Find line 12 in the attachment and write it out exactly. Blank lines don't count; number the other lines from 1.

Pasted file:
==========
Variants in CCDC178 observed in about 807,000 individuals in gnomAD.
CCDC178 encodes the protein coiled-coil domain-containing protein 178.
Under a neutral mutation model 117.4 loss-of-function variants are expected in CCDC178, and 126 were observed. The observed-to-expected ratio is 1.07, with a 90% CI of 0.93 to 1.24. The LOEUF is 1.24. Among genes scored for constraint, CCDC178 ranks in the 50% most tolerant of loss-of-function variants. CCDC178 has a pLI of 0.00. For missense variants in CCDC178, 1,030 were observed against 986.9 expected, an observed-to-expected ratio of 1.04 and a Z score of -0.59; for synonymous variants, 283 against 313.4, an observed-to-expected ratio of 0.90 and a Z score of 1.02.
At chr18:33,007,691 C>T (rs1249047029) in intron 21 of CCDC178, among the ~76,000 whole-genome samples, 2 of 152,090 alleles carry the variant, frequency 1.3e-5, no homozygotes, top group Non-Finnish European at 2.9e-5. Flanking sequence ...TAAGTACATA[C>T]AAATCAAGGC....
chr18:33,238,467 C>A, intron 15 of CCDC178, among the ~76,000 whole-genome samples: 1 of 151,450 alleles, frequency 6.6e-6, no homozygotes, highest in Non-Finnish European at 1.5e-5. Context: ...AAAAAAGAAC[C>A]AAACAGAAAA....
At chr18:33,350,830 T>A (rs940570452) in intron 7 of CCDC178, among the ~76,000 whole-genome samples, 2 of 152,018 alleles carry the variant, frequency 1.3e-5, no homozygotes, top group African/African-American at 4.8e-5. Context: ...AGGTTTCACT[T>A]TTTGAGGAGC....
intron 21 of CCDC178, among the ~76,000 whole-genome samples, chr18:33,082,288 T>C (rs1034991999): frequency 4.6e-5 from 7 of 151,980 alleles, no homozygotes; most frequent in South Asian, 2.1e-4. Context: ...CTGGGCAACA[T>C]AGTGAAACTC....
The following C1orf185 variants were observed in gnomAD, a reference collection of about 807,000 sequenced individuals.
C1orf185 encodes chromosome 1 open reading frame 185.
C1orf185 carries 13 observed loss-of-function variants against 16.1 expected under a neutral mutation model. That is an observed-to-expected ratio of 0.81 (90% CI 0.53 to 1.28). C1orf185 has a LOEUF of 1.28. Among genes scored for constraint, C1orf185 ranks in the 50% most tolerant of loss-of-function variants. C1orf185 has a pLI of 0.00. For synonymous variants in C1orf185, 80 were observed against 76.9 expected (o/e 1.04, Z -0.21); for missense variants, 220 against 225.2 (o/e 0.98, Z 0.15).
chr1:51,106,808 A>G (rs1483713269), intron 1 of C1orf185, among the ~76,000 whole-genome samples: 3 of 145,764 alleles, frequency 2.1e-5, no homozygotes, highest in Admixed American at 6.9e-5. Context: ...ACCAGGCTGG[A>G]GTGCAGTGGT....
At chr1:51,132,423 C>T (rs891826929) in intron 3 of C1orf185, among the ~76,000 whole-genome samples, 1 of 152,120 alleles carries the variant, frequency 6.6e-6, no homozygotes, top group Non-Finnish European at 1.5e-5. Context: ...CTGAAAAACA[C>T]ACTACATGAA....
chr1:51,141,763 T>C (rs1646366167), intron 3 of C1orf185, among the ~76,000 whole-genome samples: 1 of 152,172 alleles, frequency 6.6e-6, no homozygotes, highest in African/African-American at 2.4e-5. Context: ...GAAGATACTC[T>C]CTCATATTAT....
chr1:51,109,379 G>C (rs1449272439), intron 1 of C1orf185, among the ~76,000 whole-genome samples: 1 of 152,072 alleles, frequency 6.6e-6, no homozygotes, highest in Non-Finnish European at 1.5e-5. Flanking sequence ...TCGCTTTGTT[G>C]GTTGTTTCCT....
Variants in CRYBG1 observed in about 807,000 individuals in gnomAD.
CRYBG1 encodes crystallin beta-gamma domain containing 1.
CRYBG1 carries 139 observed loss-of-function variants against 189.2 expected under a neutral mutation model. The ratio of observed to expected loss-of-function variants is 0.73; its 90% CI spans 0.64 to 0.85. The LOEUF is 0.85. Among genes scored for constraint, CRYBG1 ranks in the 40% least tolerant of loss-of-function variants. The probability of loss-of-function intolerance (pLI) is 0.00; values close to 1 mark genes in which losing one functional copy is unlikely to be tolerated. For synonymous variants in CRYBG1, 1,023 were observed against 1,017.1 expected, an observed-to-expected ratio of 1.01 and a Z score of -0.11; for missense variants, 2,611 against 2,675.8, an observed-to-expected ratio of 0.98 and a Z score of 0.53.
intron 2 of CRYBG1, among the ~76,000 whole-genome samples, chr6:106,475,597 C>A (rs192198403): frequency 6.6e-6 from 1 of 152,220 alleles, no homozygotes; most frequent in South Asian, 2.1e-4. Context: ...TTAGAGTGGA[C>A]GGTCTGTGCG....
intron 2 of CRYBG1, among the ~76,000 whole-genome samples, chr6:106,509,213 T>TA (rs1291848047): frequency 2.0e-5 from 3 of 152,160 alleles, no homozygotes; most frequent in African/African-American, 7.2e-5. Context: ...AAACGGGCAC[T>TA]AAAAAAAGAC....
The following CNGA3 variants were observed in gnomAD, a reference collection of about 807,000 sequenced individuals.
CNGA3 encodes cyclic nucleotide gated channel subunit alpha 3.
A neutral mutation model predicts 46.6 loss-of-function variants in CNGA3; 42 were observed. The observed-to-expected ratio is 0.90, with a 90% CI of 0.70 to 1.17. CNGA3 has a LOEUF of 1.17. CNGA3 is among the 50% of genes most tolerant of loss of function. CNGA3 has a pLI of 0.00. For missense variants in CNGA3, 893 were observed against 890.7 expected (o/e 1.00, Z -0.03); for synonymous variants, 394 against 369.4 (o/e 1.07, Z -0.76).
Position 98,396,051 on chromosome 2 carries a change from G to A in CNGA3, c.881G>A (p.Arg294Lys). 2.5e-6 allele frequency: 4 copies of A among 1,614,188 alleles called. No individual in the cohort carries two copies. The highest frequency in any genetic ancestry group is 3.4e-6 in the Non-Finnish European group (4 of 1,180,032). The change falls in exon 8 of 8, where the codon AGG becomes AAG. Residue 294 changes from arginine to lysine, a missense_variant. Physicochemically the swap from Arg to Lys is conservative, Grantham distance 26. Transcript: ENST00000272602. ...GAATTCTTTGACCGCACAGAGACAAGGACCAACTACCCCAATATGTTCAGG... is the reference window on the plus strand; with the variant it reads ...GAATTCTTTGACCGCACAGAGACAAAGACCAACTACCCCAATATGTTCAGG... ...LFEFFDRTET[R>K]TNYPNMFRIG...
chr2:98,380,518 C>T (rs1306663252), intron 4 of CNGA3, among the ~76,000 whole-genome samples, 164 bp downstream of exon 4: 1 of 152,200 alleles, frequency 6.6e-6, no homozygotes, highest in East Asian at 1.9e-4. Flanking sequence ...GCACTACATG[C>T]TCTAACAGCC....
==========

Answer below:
At chr1:51,132,423 C>T (rs891826929) in intron 3 of C1orf185, among the ~76,000 whole-genome samples, 1 of 152,120 alleles carries the variant, frequency 6.6e-6, no homozygotes, top group Non-Finnish European at 1.5e-5. Context: ...CTGAAAAACA[C>T]ACTACATGAA....